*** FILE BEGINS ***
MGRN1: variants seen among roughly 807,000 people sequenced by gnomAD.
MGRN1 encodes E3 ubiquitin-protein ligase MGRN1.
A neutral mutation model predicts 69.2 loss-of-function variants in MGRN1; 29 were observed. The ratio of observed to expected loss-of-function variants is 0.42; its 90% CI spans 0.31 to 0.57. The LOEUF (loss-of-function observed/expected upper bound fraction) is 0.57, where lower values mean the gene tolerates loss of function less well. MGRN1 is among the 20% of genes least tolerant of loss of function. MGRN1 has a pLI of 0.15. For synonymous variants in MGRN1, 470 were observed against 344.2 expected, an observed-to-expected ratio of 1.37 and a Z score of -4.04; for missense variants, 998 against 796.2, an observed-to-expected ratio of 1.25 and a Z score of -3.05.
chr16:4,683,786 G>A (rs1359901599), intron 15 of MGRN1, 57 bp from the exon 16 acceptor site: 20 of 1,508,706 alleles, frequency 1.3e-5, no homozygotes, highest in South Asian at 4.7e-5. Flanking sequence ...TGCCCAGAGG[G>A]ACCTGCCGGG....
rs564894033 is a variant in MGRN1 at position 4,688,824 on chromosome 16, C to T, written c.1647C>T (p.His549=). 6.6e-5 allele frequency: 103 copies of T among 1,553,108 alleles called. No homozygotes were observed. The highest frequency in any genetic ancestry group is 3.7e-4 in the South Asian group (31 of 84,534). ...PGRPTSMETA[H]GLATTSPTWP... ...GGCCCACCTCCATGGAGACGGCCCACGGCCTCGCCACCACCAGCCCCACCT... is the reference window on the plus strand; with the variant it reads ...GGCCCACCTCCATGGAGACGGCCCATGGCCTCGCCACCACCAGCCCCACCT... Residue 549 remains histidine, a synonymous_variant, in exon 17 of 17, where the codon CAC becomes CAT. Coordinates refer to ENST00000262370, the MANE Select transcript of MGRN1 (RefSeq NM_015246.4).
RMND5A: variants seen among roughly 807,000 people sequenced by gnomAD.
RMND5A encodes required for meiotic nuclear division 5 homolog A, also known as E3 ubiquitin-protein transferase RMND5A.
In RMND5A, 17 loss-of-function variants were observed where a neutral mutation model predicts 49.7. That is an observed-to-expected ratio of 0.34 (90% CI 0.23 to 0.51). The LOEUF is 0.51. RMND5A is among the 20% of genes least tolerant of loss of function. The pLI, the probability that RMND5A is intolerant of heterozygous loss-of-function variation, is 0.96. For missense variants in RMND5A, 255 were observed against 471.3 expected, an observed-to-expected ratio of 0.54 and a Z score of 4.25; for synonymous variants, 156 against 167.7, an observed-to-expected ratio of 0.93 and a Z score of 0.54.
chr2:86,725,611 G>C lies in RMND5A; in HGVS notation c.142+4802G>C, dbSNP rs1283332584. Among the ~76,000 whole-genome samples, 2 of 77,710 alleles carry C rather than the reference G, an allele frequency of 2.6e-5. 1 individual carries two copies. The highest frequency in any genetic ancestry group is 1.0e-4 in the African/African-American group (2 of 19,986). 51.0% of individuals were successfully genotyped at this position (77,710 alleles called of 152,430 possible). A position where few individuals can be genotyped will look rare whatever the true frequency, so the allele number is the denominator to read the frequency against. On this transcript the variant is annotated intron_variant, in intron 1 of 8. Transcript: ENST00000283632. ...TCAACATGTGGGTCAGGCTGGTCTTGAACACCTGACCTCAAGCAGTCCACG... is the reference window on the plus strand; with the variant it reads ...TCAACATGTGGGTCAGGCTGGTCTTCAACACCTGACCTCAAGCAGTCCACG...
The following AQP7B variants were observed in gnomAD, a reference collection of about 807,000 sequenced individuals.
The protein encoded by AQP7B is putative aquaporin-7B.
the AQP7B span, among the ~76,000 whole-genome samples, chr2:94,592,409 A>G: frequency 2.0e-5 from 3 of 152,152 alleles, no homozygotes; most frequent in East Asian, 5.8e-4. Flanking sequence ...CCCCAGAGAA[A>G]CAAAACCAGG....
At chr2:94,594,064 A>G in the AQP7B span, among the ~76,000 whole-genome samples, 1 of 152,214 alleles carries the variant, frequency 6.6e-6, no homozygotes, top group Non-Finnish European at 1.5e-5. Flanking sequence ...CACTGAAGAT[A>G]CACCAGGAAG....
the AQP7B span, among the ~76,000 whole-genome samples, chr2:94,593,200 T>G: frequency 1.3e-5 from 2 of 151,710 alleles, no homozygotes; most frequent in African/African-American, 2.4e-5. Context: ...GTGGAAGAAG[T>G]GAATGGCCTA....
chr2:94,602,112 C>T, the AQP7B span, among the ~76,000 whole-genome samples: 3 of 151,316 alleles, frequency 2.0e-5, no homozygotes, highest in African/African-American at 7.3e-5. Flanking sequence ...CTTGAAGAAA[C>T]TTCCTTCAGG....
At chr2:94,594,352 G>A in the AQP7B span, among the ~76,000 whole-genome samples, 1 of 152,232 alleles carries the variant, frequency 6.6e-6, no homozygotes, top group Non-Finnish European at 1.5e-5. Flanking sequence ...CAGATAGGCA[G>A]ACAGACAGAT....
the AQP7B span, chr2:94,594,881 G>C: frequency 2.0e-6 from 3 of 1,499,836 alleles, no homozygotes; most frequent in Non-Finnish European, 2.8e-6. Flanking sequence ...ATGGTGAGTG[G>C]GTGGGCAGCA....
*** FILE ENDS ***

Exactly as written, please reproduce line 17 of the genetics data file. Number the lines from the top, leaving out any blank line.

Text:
the AQP7B span, chr2:94,594,881 G>C: frequency 2.0e-6 from 3 of 1,499,836 alleles, no homozygotes; most frequent in Non-Finnish European, 2.8e-6. Flanking sequence ...ATGGTGAGTG[G>C]GTGGGCAGCA....